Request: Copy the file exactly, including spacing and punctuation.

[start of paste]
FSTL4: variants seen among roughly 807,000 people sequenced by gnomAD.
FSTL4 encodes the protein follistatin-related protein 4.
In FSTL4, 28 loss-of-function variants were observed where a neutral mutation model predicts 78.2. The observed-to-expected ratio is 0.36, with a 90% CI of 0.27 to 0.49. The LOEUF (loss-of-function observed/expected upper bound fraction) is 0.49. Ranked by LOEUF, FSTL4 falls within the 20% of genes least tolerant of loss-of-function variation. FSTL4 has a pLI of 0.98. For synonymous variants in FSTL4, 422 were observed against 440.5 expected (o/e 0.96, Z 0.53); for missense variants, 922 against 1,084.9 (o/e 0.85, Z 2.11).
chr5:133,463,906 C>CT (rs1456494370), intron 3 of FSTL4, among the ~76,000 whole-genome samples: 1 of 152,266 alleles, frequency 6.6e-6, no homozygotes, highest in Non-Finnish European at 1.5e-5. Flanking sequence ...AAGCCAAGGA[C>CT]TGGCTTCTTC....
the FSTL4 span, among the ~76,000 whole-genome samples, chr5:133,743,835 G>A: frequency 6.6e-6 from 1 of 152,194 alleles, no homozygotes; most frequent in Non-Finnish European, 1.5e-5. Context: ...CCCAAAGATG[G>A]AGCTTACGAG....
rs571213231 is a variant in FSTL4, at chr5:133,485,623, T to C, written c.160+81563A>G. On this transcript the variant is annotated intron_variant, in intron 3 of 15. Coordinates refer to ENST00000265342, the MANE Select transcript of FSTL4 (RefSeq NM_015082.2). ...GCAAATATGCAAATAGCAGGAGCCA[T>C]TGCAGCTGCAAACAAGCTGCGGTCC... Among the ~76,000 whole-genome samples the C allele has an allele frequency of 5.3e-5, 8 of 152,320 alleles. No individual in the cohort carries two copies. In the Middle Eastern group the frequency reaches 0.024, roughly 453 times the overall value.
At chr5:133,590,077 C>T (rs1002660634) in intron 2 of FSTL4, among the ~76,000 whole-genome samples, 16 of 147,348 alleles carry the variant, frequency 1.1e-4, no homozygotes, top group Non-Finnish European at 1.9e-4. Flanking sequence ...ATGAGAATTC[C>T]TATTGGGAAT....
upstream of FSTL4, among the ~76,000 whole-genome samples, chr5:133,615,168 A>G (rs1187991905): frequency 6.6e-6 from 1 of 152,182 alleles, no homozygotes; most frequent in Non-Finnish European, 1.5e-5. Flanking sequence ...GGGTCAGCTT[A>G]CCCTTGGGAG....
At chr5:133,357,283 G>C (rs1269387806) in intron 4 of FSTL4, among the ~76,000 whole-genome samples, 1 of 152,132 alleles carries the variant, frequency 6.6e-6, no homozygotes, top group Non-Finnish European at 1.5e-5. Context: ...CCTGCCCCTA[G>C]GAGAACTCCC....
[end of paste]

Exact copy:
FSTL4: variants seen among roughly 807,000 people sequenced by gnomAD.
FSTL4 encodes the protein follistatin-related protein 4.
In FSTL4, 28 loss-of-function variants were observed where a neutral mutation model predicts 78.2. The observed-to-expected ratio is 0.36, with a 90% CI of 0.27 to 0.49. The LOEUF (loss-of-function observed/expected upper bound fraction) is 0.49. Ranked by LOEUF, FSTL4 falls within the 20% of genes least tolerant of loss-of-function variation. FSTL4 has a pLI of 0.98. For synonymous variants in FSTL4, 422 were observed against 440.5 expected (o/e 0.96, Z 0.53); for missense variants, 922 against 1,084.9 (o/e 0.85, Z 2.11).
chr5:133,463,906 C>CT (rs1456494370), intron 3 of FSTL4, among the ~76,000 whole-genome samples: 1 of 152,266 alleles, frequency 6.6e-6, no homozygotes, highest in Non-Finnish European at 1.5e-5. Flanking sequence ...AAGCCAAGGA[C>CT]TGGCTTCTTC....
the FSTL4 span, among the ~76,000 whole-genome samples, chr5:133,743,835 G>A: frequency 6.6e-6 from 1 of 152,194 alleles, no homozygotes; most frequent in Non-Finnish European, 1.5e-5. Context: ...CCCAAAGATG[G>A]AGCTTACGAG....
rs571213231 is a variant in FSTL4, at chr5:133,485,623, T to C, written c.160+81563A>G. On this transcript the variant is annotated intron_variant, in intron 3 of 15. Coordinates refer to ENST00000265342, the MANE Select transcript of FSTL4 (RefSeq NM_015082.2). ...GCAAATATGCAAATAGCAGGAGCCA[T>C]TGCAGCTGCAAACAAGCTGCGGTCC... Among the ~76,000 whole-genome samples the C allele has an allele frequency of 5.3e-5, 8 of 152,320 alleles. No individual in the cohort carries two copies. In the Middle Eastern group the frequency reaches 0.024, roughly 453 times the overall value.
At chr5:133,590,077 C>T (rs1002660634) in intron 2 of FSTL4, among the ~76,000 whole-genome samples, 16 of 147,348 alleles carry the variant, frequency 1.1e-4, no homozygotes, top group Non-Finnish European at 1.9e-4. Flanking sequence ...ATGAGAATTC[C>T]TATTGGGAAT....
upstream of FSTL4, among the ~76,000 whole-genome samples, chr5:133,615,168 A>G (rs1187991905): frequency 6.6e-6 from 1 of 152,182 alleles, no homozygotes; most frequent in Non-Finnish European, 1.5e-5. Flanking sequence ...GGGTCAGCTT[A>G]CCCTTGGGAG....
At chr5:133,357,283 G>C (rs1269387806) in intron 4 of FSTL4, among the ~76,000 whole-genome samples, 1 of 152,132 alleles carries the variant, frequency 6.6e-6, no homozygotes, top group Non-Finnish European at 1.5e-5. Context: ...CCTGCCCCTA[G>C]GAGAACTCCC....